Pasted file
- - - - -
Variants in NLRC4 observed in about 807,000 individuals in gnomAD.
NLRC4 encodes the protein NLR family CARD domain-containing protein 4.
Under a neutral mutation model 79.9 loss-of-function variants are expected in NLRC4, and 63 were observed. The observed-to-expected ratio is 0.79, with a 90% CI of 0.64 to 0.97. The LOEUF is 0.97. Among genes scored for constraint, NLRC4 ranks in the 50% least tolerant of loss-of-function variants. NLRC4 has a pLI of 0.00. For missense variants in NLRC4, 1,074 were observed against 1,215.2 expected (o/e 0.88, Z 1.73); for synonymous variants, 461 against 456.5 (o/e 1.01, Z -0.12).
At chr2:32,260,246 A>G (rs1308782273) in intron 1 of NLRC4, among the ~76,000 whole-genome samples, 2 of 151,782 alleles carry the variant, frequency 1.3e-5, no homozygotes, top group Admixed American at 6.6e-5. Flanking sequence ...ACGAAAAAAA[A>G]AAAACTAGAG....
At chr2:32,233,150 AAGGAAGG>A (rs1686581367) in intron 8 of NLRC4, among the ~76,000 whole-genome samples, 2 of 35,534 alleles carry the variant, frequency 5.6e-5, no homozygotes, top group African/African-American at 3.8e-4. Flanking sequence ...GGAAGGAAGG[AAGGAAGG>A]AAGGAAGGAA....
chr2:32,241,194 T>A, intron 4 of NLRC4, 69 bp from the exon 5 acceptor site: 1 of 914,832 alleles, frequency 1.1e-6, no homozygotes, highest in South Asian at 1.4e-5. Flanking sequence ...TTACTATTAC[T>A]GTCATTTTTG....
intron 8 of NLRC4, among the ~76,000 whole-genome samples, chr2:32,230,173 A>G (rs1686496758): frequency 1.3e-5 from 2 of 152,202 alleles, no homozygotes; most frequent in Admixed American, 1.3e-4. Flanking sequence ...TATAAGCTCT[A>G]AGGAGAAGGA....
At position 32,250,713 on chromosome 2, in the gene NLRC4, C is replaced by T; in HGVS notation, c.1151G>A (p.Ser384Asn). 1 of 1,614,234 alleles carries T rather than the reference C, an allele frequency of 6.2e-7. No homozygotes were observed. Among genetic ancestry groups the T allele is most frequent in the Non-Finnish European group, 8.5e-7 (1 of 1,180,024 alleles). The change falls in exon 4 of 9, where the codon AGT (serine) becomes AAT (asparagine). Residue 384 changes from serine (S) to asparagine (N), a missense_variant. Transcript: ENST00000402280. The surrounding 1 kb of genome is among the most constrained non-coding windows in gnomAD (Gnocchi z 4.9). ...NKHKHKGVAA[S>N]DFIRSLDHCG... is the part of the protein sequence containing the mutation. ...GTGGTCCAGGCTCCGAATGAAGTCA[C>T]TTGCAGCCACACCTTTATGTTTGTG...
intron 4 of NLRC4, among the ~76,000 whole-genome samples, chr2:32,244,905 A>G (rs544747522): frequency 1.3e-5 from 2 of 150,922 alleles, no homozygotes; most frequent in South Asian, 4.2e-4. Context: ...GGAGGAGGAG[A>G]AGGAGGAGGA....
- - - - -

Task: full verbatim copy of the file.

Variants in NLRC4 observed in about 807,000 individuals in gnomAD.
NLRC4 encodes the protein NLR family CARD domain-containing protein 4.
Under a neutral mutation model 79.9 loss-of-function variants are expected in NLRC4, and 63 were observed. The observed-to-expected ratio is 0.79, with a 90% CI of 0.64 to 0.97. The LOEUF is 0.97. Among genes scored for constraint, NLRC4 ranks in the 50% least tolerant of loss-of-function variants. NLRC4 has a pLI of 0.00. For missense variants in NLRC4, 1,074 were observed against 1,215.2 expected (o/e 0.88, Z 1.73); for synonymous variants, 461 against 456.5 (o/e 1.01, Z -0.12).
At chr2:32,260,246 A>G (rs1308782273) in intron 1 of NLRC4, among the ~76,000 whole-genome samples, 2 of 151,782 alleles carry the variant, frequency 1.3e-5, no homozygotes, top group Admixed American at 6.6e-5. Flanking sequence ...ACGAAAAAAA[A>G]AAAACTAGAG....
At chr2:32,233,150 AAGGAAGG>A (rs1686581367) in intron 8 of NLRC4, among the ~76,000 whole-genome samples, 2 of 35,534 alleles carry the variant, frequency 5.6e-5, no homozygotes, top group African/African-American at 3.8e-4. Flanking sequence ...GGAAGGAAGG[AAGGAAGG>A]AAGGAAGGAA....
chr2:32,241,194 T>A, intron 4 of NLRC4, 69 bp from the exon 5 acceptor site: 1 of 914,832 alleles, frequency 1.1e-6, no homozygotes, highest in South Asian at 1.4e-5. Flanking sequence ...TTACTATTAC[T>A]GTCATTTTTG....
intron 8 of NLRC4, among the ~76,000 whole-genome samples, chr2:32,230,173 A>G (rs1686496758): frequency 1.3e-5 from 2 of 152,202 alleles, no homozygotes; most frequent in Admixed American, 1.3e-4. Flanking sequence ...TATAAGCTCT[A>G]AGGAGAAGGA....
At position 32,250,713 on chromosome 2, in the gene NLRC4, C is replaced by T; in HGVS notation, c.1151G>A (p.Ser384Asn). 1 of 1,614,234 alleles carries T rather than the reference C, an allele frequency of 6.2e-7. No homozygotes were observed. Among genetic ancestry groups the T allele is most frequent in the Non-Finnish European group, 8.5e-7 (1 of 1,180,024 alleles). The change falls in exon 4 of 9, where the codon AGT (serine) becomes AAT (asparagine). Residue 384 changes from serine (S) to asparagine (N), a missense_variant. Transcript: ENST00000402280. The surrounding 1 kb of genome is among the most constrained non-coding windows in gnomAD (Gnocchi z 4.9). ...NKHKHKGVAA[S>N]DFIRSLDHCG... is the part of the protein sequence containing the mutation. ...GTGGTCCAGGCTCCGAATGAAGTCA[C>T]TTGCAGCCACACCTTTATGTTTGTG...
intron 4 of NLRC4, among the ~76,000 whole-genome samples, chr2:32,244,905 A>G (rs544747522): frequency 1.3e-5 from 2 of 150,922 alleles, no homozygotes; most frequent in South Asian, 4.2e-4. Context: ...GGAGGAGGAG[A>G]AGGAGGAGGA....